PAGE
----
Bad to the bone(s): Avoid these things and keep your bones healthy
Posted September 6, 2016
There's no question about it, we all need strong bones.
When you think of stronger bones, you probably think about drinking more milk, partly because of the old slogan, "Milk: It does a body good."
Well, your diet or physical inactivity can be bad for your bones.
Not only is the typical American diet and lifestyle not good for the heart, but they aren't doing our bones any favors either.
For example, everyone loves a bag of chips, but some of us love them too often. Too much salt—or sodium—in our diet is something most people think is just a heart and blood pressure issue. But the more salt you eat, the more calcium your body gets rid of, which means it's not there to help your bones.
Salty foods include foods like chips, breads, cheeses, cold cuts and processed foods.
Experts with WebMD say for the average person the salt limit should be less than 2,300 milligrams per day.
Most people get much more than that.
It's not just what you eat, though, it's also your physical activity level that can weaken your bones. Some activities that are bad for your bones include:
– Binge watching. Streaming videos is growing in popularity, but it may be keeping people in front of a TV screen for longer than ever. Hours spent sitting are hours not spent in physical activity, and your bones will suffer the consequences. Weight-bearing exercise such as walking, running or weight training makes them stronger.
– Too much time indoors. Spending lots of time inside is a bone problem even when you're not in front of a television or computer screen. Your body makes vitamin D in sunlight, but indoors, it does not. Just 10 to 15 minutes in the sunlight, several times a week, is sufficient.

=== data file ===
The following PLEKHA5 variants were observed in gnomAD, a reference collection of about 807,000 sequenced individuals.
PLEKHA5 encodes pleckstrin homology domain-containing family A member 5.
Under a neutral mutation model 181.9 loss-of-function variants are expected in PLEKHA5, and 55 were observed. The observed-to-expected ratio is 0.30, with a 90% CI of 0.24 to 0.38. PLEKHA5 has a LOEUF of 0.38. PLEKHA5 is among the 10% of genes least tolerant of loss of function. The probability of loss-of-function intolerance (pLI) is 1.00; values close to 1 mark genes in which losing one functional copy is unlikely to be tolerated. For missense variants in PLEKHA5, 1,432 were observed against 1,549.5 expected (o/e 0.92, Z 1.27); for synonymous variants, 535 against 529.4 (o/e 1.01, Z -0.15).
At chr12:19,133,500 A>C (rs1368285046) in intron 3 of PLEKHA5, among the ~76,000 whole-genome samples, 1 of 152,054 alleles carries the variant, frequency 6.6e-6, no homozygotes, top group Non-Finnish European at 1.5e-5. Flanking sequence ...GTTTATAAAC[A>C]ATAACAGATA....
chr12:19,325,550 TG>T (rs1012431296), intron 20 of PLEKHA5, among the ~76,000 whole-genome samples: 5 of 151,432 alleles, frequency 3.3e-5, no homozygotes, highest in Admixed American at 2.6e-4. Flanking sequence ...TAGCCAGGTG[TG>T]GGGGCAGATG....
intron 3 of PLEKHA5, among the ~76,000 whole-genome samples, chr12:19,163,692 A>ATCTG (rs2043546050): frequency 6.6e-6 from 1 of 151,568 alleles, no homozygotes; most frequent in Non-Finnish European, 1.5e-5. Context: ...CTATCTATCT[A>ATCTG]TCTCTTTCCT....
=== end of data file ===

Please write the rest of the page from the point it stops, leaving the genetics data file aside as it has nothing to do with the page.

– Cycling too much. Miles of cycling sounds like a healthy activity, and it is good for the heart and lungs. It's not as good, though, for your bones because it is not weight-bearing exercise. So, do it in combination with walking, running or weight training.
– Drinking too much alcohol. Having too much alcohol can become a bone issue, so limit the amount you drink. Alcohol can interfere with with how your body absorbs calcium, which is vital to the bones. WebMD experts recommend no more than one drink a day for women - and two for men.
– Drinking too much soda. Like drinking alcohol, drinking too much soda can be a problem. More research is needed, but some studies link bone loss to both the caffeine and phosphorus in these beverages. They may also replace more calcium-rich drinks like milk.
Too much coffee or tea can also rob your bones of calcium.
– Smoking. Smoking cigarettes is one of the worst things you can do for your heart, your lungs and your circulatory system. It also dramatically increases your risk of cancer. But it's also bad for bones: If you have a bone break, it could take longer to heal.
There are some prescription medications, especially those that you take for a long time, that can have a negative impact on your bones.
Some anti-seizure drugs and glucocorticoids, such as Prednisone and cortisone, can lead to bone loss. This is something you should ask your doctor about when they write a prescription for you.
Being overweight might impact your desire to be physically active, so that's bad for the bones, too.
However, being underweight is also a problem: A body mass index of 18.5 or less means a greater chance of bone fractures or bone loss. So, aim for a achieving and maintaining a normal body weight.
Elderly family members are also at greater risk of falls that lead to bone breaks.
It can become a life-threatening issue for them, so check on these loved ones and see what you can do to decrease their risk.